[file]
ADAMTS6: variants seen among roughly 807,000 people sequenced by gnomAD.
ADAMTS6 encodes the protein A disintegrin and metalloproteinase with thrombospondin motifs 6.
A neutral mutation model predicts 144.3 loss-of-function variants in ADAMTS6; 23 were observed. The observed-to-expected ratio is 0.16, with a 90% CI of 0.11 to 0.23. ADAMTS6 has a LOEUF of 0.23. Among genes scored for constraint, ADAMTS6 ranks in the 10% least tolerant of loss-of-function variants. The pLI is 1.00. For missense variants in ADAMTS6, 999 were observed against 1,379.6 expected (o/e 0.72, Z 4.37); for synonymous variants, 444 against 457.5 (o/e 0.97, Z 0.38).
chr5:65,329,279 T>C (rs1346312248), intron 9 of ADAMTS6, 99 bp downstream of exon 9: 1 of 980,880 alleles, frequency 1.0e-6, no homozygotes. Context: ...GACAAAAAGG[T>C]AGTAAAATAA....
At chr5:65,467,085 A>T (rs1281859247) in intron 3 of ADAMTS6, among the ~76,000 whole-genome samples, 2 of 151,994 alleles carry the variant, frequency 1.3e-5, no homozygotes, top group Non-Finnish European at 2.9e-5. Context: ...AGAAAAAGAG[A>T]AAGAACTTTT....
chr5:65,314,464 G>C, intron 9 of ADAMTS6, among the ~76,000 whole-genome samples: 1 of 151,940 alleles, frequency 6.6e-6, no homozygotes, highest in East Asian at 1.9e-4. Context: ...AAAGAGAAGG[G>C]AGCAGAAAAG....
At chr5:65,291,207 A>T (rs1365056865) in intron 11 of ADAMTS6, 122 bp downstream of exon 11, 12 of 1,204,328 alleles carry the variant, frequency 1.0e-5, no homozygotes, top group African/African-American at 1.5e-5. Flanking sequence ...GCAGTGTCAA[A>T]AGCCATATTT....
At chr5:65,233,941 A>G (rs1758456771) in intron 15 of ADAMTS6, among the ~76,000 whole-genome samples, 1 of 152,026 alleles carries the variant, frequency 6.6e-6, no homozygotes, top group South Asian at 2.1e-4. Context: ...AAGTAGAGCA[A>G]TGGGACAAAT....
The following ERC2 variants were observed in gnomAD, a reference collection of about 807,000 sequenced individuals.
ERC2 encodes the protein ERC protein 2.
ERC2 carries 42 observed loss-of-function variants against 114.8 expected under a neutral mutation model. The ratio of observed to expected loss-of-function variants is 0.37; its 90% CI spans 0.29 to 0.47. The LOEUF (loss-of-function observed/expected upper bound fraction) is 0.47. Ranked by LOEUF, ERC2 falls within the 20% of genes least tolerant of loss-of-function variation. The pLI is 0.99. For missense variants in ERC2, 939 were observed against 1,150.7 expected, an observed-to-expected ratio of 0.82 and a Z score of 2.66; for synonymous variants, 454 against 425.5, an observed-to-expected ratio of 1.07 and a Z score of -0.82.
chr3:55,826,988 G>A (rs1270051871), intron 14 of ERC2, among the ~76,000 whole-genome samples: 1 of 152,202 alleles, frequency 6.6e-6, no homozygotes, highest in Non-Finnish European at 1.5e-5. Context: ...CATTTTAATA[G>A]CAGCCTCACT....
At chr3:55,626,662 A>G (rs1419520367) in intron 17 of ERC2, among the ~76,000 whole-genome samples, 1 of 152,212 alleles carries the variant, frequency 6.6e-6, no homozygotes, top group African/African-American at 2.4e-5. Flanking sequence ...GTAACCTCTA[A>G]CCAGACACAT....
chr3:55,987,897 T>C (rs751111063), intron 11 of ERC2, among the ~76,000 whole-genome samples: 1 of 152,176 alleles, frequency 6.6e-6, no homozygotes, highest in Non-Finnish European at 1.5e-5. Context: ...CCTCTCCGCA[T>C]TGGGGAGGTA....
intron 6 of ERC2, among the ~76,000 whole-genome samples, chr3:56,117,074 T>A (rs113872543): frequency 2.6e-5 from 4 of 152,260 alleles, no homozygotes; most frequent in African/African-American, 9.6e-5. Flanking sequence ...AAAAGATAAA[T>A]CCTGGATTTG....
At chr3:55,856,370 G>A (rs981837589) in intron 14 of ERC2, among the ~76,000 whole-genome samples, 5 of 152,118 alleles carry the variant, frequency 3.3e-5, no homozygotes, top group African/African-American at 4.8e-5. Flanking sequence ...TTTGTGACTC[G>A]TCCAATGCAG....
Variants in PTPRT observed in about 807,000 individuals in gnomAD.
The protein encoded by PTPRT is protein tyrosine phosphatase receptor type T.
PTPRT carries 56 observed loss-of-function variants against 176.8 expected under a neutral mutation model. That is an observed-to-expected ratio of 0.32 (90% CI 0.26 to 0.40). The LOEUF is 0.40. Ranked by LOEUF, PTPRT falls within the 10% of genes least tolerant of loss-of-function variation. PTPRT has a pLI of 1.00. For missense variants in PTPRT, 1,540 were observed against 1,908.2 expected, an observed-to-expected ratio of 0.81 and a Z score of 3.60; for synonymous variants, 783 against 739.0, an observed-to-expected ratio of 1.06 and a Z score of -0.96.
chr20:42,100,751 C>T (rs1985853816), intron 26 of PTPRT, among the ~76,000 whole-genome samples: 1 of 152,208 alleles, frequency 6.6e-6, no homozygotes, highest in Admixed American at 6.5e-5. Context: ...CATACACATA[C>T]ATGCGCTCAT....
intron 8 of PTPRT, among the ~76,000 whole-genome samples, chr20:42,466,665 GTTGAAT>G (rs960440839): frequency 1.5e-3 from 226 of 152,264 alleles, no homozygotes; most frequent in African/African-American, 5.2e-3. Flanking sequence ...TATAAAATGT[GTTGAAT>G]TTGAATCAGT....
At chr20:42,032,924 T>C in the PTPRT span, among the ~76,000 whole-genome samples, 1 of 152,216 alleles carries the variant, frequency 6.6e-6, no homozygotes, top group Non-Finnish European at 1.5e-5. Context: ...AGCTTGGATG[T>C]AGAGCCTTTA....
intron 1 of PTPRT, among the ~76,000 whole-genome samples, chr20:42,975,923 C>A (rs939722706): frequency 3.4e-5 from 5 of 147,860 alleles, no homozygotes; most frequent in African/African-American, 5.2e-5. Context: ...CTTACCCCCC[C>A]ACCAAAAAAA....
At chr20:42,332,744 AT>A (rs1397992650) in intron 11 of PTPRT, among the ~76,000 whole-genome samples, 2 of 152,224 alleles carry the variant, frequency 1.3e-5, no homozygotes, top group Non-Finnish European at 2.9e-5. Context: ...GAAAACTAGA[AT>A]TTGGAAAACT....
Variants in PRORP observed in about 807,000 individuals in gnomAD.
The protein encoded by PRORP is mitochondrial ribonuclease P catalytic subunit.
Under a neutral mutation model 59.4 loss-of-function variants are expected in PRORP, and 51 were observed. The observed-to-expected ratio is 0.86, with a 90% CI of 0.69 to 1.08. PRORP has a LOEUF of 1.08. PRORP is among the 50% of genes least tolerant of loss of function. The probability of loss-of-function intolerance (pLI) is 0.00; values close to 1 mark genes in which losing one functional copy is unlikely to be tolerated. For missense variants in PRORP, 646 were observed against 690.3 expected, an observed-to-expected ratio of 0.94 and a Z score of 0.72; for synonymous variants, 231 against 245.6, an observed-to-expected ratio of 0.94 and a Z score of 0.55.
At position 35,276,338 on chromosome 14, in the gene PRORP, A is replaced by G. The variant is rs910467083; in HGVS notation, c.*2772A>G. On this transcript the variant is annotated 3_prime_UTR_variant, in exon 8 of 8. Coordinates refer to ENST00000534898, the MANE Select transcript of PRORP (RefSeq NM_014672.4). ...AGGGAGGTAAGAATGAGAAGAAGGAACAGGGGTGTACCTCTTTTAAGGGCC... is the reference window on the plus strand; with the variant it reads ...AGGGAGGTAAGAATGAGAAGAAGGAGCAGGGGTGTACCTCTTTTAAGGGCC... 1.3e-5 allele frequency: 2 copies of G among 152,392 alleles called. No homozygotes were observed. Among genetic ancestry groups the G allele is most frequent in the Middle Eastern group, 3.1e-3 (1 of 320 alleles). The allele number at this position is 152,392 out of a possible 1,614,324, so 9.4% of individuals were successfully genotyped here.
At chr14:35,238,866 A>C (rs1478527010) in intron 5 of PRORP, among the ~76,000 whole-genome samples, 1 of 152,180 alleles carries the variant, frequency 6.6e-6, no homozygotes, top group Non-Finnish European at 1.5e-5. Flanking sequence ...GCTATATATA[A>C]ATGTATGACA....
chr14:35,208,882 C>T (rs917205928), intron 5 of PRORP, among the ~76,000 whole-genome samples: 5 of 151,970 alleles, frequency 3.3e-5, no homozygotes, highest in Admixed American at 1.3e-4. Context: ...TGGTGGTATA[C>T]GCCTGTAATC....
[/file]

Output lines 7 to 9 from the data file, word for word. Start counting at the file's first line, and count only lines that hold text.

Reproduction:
At chr5:65,291,207 A>T (rs1365056865) in intron 11 of ADAMTS6, 122 bp downstream of exon 11, 12 of 1,204,328 alleles carry the variant, frequency 1.0e-5, no homozygotes, top group African/African-American at 1.5e-5. Flanking sequence ...GCAGTGTCAA[A>T]AGCCATATTT....
At chr5:65,233,941 A>G (rs1758456771) in intron 15 of ADAMTS6, among the ~76,000 whole-genome samples, 1 of 152,026 alleles carries the variant, frequency 6.6e-6, no homozygotes, top group South Asian at 2.1e-4. Context: ...AAGTAGAGCA[A>G]TGGGACAAAT....
The following ERC2 variants were observed in gnomAD, a reference collection of about 807,000 sequenced individuals.